IDNYC on the Go! – Wednesday, April 19: IDNYC on the Go! will be going to Jackson Heights’ Diversity Plaza, where local stakeholders will join Commissioner Nisha Agarwal of the Mayor’s Office of Immigrant Affairs and residents to celebrate the diversity of New York City’s immigrant communities. This event is part of a series of IDNYC pop-up enrollment centers throughout the City during Immigrant Heritage Week

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Telling Immigrant Stories Through Theatre – Saturday, April 22: City and Theatre leaders will engage in panel a discussion on how art, and specifically theatre, can be an inclusive venue for immigrant storytelling.

 

As part of Immigrant Heritage Week, the City is rolling out a second edition of our resource and referral guide to serve as a roadmap to City services for new New Yorkers, introducing them to programs and resources like IDNYC, education, health care, and public safety. The updated guide will include additional information on a variety of topics, including health care options, financial empowerment and small business services. The new resource guide will be available in a variety of languages, but will be immediately available in English.

 

Immigrant Heritage Week’s events and announcements complement existing programs and supports offered by the Mayor’s Office of Immigrant Affairs that serve all immigrants, regardless of immigration status. In the last year, the de Blasio Administration has taken a variety of steps to protect immigrant communities, as well as to ensure that they know their rights at a time of increased fear surrounding national immigration policy and enforcement. In addition to hosting Know Your Rights forums across the five boroughs, the City has updated and reaffirmed its privacy protocols on schools and public health care facilities. NYC Health + Hospitals recently rolled out a series of immigrant health care rights forums to provide information to immigrant New Yorkers about their right to medical care, regardless of immigration status or ability to pay. DOE announced expanded immigration guidance, including a detailed protocol for responding to law enforcement requests from federal agencies, and supports for the city’s public schools and public school families. IDNYC—the official New York City identification card—recently reached over 1,030,000 cardholders, improving access to City services for countless New Yorkers. The City’s legal services initiative ActionNYC continues to provide free, high-quality legal assistance to immigrant New Yorkers.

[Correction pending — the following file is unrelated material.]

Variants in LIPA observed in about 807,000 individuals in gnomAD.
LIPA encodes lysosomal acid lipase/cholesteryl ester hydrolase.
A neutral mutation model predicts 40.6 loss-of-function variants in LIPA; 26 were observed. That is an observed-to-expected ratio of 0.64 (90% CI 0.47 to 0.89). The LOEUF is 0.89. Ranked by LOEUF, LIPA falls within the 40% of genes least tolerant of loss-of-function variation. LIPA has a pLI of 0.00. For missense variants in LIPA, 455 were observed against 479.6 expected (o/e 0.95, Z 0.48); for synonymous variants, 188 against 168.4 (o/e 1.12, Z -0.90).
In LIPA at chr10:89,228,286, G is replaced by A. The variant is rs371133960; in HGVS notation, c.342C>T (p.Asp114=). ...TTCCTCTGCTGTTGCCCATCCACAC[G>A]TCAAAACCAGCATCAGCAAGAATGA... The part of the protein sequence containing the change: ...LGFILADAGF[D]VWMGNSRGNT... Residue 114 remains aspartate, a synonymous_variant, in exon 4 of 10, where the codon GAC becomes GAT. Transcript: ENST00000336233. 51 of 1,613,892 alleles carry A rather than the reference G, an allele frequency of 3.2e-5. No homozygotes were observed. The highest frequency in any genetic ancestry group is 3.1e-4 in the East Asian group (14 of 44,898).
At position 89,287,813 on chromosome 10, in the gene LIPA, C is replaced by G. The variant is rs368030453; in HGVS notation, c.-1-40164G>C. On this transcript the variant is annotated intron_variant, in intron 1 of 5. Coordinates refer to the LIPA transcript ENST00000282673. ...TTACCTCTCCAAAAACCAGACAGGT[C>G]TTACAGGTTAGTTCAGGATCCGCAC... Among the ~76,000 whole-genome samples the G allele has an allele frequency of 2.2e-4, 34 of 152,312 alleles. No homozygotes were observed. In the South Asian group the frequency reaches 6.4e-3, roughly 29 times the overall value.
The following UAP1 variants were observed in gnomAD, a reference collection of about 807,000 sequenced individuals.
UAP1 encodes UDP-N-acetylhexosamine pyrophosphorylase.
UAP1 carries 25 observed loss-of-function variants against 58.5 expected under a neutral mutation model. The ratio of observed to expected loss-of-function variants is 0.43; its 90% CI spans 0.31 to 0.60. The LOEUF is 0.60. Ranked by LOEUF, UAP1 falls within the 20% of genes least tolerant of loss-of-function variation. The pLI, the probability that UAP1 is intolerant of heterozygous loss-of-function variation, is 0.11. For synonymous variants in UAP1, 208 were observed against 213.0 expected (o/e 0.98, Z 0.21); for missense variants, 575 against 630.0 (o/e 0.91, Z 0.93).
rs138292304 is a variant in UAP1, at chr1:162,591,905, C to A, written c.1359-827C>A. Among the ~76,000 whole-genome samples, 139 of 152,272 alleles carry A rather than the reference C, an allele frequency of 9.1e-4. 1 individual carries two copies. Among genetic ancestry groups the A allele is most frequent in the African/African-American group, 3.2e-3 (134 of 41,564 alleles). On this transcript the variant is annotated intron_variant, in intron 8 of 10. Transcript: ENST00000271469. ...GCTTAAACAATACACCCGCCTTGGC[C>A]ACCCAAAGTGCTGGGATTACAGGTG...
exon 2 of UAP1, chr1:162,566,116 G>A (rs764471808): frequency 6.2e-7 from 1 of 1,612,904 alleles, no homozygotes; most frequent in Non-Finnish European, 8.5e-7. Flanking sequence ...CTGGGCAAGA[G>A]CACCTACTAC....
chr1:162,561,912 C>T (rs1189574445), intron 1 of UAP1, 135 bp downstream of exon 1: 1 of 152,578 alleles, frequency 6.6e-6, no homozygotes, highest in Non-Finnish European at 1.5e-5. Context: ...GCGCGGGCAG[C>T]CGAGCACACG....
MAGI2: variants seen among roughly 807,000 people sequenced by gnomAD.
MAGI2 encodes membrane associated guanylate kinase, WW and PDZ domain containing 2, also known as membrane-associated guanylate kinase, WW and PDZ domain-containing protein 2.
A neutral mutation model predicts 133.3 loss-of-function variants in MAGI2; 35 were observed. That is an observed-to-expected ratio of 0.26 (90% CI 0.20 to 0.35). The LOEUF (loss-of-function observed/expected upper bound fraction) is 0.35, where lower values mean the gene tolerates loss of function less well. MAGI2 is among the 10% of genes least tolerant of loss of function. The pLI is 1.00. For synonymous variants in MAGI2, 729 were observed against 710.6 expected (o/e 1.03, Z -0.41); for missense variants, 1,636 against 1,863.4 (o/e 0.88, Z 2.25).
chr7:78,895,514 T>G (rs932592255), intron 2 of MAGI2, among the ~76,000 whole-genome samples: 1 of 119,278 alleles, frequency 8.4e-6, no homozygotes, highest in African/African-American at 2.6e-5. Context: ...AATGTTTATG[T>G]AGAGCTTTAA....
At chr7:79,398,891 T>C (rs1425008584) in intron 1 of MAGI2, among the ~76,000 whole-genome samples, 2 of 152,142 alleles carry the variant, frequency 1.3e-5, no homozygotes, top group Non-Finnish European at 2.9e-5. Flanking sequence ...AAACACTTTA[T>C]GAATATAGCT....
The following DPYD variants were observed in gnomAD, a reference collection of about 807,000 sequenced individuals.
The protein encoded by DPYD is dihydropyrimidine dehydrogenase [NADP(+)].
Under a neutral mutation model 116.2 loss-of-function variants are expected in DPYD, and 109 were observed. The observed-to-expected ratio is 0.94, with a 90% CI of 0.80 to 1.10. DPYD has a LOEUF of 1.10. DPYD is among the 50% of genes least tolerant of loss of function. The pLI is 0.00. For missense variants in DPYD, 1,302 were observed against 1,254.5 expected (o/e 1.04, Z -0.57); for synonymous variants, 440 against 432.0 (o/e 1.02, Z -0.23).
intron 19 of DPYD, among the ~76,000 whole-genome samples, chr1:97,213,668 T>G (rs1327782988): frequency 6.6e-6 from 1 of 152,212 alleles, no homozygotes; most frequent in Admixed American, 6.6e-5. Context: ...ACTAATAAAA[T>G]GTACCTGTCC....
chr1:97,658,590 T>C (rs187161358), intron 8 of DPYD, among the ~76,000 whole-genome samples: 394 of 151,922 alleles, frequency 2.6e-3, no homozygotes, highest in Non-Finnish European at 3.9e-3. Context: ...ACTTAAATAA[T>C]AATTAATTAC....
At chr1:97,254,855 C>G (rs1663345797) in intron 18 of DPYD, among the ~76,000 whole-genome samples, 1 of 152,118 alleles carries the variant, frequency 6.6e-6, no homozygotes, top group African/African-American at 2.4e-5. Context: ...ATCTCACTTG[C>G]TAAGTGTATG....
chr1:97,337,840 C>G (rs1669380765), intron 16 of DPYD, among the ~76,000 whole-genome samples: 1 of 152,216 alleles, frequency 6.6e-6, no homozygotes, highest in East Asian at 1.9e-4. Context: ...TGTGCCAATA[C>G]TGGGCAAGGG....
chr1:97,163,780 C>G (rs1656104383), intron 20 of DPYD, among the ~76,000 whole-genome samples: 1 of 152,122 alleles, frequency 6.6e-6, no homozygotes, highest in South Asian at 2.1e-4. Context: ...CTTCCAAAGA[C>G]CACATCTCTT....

“In honor of Immigrant Heritage Week, Museum of Chinese in America (MOCA) is thrilled to offer free admission all day on Thursday, April 20th,” said MOCA President Nancy Yao Maasbach. “As a proud member of the IDNYC program, MOCA recognizes and welcomes the rich diversity of immigrants’ contributions and values to this nation.”

 

“Just as much as NYC is a global financial center, it is also a city of small businesses and immigrants. The neighborhoods and the cultural landscape here are inextricably shaped and driven by small enterprises and the unparalleled diversity,” said John Wang, organizer of the Queens International Night Market. “The popularity of the Night Market, which has featured vendors representing over 60 countries in the last two years, is a real testament to the value of immigrants and diversity.”